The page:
The Swiss free list system confuses me with panachage, how is this similar and different to the Irish STV?

    • In Saturday’s Dáil election, the overwhelming majority of elected candidates arrived in the first three, four or five places in the first count of each constituency, following the pattern established in previous general elections. However, they accounted for 86% of all elected TDs, which is the lowest figure in thirty-seven years.

      Meanwhile, a total of 28 Dáil seats – 17.5% – went to candidates who polled under half the quota in the first preference count. That figure is several times above the average incidence of just over four percent in the nine previous Dáil elections.

      By the way, had Dáil seats been assigned to the candidates with the largest first preference vote totals, the results of Saturday’s general election would have been as follows (change with respect to the actual outcome shown in parentheses):

      FG – 33 (-2)
      FF – 48 (+10)
      SF – 39 (+2)
      LAB – 6 (0)
      SOL-PBP – 3 (-2)
      GP – 9 (-3)
      SD – 4 (-2)
      AON – 1 (0)
      IND – 17 (-2)
      I4C – 0 (-1)

      Note that this would have been the notional SNTV outcome of Saturday’s election. More importantly, it would have given FF and FG a joint overall majority of one (excluding the Ceann Comhairle i.e. Speaker, who was automatically returned).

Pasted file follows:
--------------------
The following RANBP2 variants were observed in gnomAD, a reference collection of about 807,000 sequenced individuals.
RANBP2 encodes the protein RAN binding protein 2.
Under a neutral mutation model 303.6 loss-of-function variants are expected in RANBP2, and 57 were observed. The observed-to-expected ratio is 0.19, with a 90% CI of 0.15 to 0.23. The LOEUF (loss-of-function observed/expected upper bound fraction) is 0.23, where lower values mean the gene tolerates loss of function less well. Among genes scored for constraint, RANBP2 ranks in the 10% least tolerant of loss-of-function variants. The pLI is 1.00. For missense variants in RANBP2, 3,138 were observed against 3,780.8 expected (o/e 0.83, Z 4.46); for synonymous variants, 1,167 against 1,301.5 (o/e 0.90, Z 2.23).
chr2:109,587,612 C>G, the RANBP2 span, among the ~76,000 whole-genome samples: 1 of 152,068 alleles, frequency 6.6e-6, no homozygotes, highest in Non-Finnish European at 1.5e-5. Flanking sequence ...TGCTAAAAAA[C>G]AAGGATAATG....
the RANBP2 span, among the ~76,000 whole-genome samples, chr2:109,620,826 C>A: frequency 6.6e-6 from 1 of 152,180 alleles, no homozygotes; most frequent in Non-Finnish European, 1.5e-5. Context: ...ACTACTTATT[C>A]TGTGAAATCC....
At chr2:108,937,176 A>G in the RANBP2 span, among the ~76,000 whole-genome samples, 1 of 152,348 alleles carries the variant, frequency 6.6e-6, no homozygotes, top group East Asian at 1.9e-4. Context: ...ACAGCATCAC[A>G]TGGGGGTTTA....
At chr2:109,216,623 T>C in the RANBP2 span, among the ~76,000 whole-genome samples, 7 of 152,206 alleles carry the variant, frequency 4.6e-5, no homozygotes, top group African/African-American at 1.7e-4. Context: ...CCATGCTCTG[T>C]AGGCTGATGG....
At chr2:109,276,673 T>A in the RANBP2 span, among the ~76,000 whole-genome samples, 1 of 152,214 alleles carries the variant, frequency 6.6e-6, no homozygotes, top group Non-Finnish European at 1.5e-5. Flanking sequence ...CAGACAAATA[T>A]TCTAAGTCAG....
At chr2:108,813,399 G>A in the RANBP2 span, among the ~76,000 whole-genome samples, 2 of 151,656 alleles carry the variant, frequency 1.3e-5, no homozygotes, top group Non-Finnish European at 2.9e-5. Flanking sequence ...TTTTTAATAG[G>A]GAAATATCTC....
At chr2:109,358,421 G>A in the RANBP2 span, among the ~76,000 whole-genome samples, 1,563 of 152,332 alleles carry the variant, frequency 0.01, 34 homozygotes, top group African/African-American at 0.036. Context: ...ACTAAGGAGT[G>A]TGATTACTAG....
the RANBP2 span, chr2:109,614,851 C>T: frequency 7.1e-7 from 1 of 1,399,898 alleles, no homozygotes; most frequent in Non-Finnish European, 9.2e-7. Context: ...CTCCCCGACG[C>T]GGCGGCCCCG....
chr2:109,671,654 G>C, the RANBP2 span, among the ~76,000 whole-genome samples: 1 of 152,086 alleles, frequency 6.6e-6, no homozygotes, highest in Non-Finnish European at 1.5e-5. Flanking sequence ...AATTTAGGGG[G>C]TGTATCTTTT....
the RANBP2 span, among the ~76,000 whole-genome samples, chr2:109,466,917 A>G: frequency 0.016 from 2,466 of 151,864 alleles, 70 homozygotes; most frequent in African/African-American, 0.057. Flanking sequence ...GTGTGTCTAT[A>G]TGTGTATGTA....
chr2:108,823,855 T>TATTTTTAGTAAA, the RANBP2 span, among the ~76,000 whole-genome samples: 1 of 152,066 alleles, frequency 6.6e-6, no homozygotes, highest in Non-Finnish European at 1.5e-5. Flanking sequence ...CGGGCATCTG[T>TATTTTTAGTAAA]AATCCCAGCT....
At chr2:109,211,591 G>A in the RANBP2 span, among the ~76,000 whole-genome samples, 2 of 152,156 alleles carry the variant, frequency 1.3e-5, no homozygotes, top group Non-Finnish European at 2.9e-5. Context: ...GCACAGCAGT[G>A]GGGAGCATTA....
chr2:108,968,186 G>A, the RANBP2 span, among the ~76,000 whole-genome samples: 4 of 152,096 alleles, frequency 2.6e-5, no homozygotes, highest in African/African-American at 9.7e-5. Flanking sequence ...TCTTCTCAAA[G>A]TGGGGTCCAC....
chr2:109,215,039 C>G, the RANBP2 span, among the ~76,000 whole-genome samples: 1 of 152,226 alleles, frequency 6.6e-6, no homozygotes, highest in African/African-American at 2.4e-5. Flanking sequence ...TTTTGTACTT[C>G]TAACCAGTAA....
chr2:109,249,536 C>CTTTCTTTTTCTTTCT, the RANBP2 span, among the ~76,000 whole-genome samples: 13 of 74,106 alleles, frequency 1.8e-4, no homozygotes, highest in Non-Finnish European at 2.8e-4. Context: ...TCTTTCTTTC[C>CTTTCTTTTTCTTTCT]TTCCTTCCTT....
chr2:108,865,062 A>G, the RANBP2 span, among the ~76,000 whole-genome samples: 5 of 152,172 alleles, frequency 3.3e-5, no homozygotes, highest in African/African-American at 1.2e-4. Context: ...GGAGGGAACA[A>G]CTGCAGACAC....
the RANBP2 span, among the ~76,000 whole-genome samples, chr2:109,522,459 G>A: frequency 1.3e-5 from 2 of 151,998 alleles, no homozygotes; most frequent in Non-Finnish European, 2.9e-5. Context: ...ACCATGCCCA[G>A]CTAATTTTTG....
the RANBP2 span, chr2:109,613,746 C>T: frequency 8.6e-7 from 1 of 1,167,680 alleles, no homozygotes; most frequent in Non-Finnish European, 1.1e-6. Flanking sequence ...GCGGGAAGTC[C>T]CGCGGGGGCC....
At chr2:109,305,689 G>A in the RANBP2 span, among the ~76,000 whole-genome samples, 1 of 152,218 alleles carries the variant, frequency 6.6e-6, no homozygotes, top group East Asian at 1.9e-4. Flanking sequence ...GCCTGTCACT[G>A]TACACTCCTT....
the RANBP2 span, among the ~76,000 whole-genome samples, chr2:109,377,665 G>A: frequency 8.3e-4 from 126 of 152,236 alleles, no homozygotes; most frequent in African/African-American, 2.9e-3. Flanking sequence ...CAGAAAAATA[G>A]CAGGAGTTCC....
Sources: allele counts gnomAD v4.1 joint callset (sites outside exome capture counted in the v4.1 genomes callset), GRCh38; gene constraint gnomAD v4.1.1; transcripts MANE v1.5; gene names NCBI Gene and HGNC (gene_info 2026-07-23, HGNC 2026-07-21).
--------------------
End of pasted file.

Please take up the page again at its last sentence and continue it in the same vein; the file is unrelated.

3. I wonder, why SF was afraid of putting more candidates.. Isn’t it true, that unlike in SNTV, in STV party is not punished for having more candidates than can be elected, thanks to transfer of votes of eliminated candidates ?!

    • While it may or may not apply to SF or to Ireland in general, a party can be punished if it runs too many candidates who are eliminated too early, especially if not all of them are ranked by every voter or if voters “leak” to other parties.

  4. Apparently parties are afraid the level of intra-party transfers will be too low. (Australian parties also restrain themselves to one candidate while AV theoretically permits more)
    But even then: why hasn’t SF put up a candidate in Cork North-West? For a small party it’s interesting to have at least one candidate even in case it cannot win: it can say to another party ‘part of the votes that helped you in getting elected, came from us, so be gentle to us!’

    • No one seems to know why SF didn’t field a candidate in Cork North-West. At any rate, it’s by no means certain they would have won a seat there had they actually contested the constituency. In the other four Cork constituencies, SF substantially increased its share of the vote in the three constituencies where it had already won seats in 2016 (retaining all of them in Saturday’s election); but in Cork South-West, where it polled 8.5% in 2016 and won no seats, the party’s share of the vote just increased slightly to 10.8%, and again came up empty-handed seat-wise. In fact, in Cork South-West SF had the lowest ratio of first preference votes to quota in the entire country, at 0.431.